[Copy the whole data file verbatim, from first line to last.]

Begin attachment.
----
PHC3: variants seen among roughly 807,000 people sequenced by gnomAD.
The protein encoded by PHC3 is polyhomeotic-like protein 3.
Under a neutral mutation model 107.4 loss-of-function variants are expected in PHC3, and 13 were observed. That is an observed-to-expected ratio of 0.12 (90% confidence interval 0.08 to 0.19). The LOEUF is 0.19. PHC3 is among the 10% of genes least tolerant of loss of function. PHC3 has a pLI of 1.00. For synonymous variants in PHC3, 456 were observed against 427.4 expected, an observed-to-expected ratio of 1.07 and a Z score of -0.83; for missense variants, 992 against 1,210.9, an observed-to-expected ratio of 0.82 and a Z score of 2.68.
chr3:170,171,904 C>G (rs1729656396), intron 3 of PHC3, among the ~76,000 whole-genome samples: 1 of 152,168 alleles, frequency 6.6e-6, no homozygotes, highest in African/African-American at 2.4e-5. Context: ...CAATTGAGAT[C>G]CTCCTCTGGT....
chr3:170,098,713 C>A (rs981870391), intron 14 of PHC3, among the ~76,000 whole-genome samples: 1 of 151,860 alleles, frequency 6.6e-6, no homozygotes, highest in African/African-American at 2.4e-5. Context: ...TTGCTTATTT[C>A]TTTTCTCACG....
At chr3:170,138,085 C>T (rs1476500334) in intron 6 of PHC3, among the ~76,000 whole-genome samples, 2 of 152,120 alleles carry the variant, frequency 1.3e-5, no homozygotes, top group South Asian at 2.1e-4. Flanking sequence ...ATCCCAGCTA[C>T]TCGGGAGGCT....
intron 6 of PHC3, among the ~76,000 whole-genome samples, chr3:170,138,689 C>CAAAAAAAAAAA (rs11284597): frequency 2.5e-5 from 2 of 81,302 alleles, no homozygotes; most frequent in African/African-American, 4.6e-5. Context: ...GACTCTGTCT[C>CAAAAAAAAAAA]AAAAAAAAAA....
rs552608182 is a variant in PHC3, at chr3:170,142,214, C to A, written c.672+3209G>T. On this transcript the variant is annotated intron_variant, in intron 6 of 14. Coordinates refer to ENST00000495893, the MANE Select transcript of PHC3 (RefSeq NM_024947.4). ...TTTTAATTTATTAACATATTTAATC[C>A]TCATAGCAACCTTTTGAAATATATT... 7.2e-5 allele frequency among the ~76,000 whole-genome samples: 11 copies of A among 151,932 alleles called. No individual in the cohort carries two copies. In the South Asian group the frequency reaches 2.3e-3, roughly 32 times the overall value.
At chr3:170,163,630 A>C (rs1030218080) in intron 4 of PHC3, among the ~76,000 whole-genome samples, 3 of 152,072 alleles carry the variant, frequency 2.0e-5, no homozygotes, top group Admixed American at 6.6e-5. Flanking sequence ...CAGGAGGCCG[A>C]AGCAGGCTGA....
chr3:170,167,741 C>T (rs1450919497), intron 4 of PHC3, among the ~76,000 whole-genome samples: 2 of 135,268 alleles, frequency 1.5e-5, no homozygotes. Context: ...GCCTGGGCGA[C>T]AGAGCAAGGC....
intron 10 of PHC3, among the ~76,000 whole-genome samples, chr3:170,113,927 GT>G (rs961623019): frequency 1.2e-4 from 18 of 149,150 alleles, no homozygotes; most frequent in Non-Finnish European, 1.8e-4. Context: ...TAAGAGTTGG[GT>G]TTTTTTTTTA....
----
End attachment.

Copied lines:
PHC3: variants seen among roughly 807,000 people sequenced by gnomAD.
The protein encoded by PHC3 is polyhomeotic-like protein 3.
Under a neutral mutation model 107.4 loss-of-function variants are expected in PHC3, and 13 were observed. That is an observed-to-expected ratio of 0.12 (90% confidence interval 0.08 to 0.19). The LOEUF is 0.19. PHC3 is among the 10% of genes least tolerant of loss of function. PHC3 has a pLI of 1.00. For synonymous variants in PHC3, 456 were observed against 427.4 expected, an observed-to-expected ratio of 1.07 and a Z score of -0.83; for missense variants, 992 against 1,210.9, an observed-to-expected ratio of 0.82 and a Z score of 2.68.
chr3:170,171,904 C>G (rs1729656396), intron 3 of PHC3, among the ~76,000 whole-genome samples: 1 of 152,168 alleles, frequency 6.6e-6, no homozygotes, highest in African/African-American at 2.4e-5. Context: ...CAATTGAGAT[C>G]CTCCTCTGGT....
chr3:170,098,713 C>A (rs981870391), intron 14 of PHC3, among the ~76,000 whole-genome samples: 1 of 151,860 alleles, frequency 6.6e-6, no homozygotes, highest in African/African-American at 2.4e-5. Context: ...TTGCTTATTT[C>A]TTTTCTCACG....
At chr3:170,138,085 C>T (rs1476500334) in intron 6 of PHC3, among the ~76,000 whole-genome samples, 2 of 152,120 alleles carry the variant, frequency 1.3e-5, no homozygotes, top group South Asian at 2.1e-4. Flanking sequence ...ATCCCAGCTA[C>T]TCGGGAGGCT....
intron 6 of PHC3, among the ~76,000 whole-genome samples, chr3:170,138,689 C>CAAAAAAAAAAA (rs11284597): frequency 2.5e-5 from 2 of 81,302 alleles, no homozygotes; most frequent in African/African-American, 4.6e-5. Context: ...GACTCTGTCT[C>CAAAAAAAAAAA]AAAAAAAAAA....
rs552608182 is a variant in PHC3, at chr3:170,142,214, C to A, written c.672+3209G>T. On this transcript the variant is annotated intron_variant, in intron 6 of 14. Coordinates refer to ENST00000495893, the MANE Select transcript of PHC3 (RefSeq NM_024947.4). ...TTTTAATTTATTAACATATTTAATC[C>A]TCATAGCAACCTTTTGAAATATATT... 7.2e-5 allele frequency among the ~76,000 whole-genome samples: 11 copies of A among 151,932 alleles called. No individual in the cohort carries two copies. In the South Asian group the frequency reaches 2.3e-3, roughly 32 times the overall value.
At chr3:170,163,630 A>C (rs1030218080) in intron 4 of PHC3, among the ~76,000 whole-genome samples, 3 of 152,072 alleles carry the variant, frequency 2.0e-5, no homozygotes, top group Admixed American at 6.6e-5. Flanking sequence ...CAGGAGGCCG[A>C]AGCAGGCTGA....
chr3:170,167,741 C>T (rs1450919497), intron 4 of PHC3, among the ~76,000 whole-genome samples: 2 of 135,268 alleles, frequency 1.5e-5, no homozygotes. Context: ...GCCTGGGCGA[C>T]AGAGCAAGGC....
intron 10 of PHC3, among the ~76,000 whole-genome samples, chr3:170,113,927 GT>G (rs961623019): frequency 1.2e-4 from 18 of 149,150 alleles, no homozygotes; most frequent in Non-Finnish European, 1.8e-4. Context: ...TAAGAGTTGG[GT>G]TTTTTTTTTA....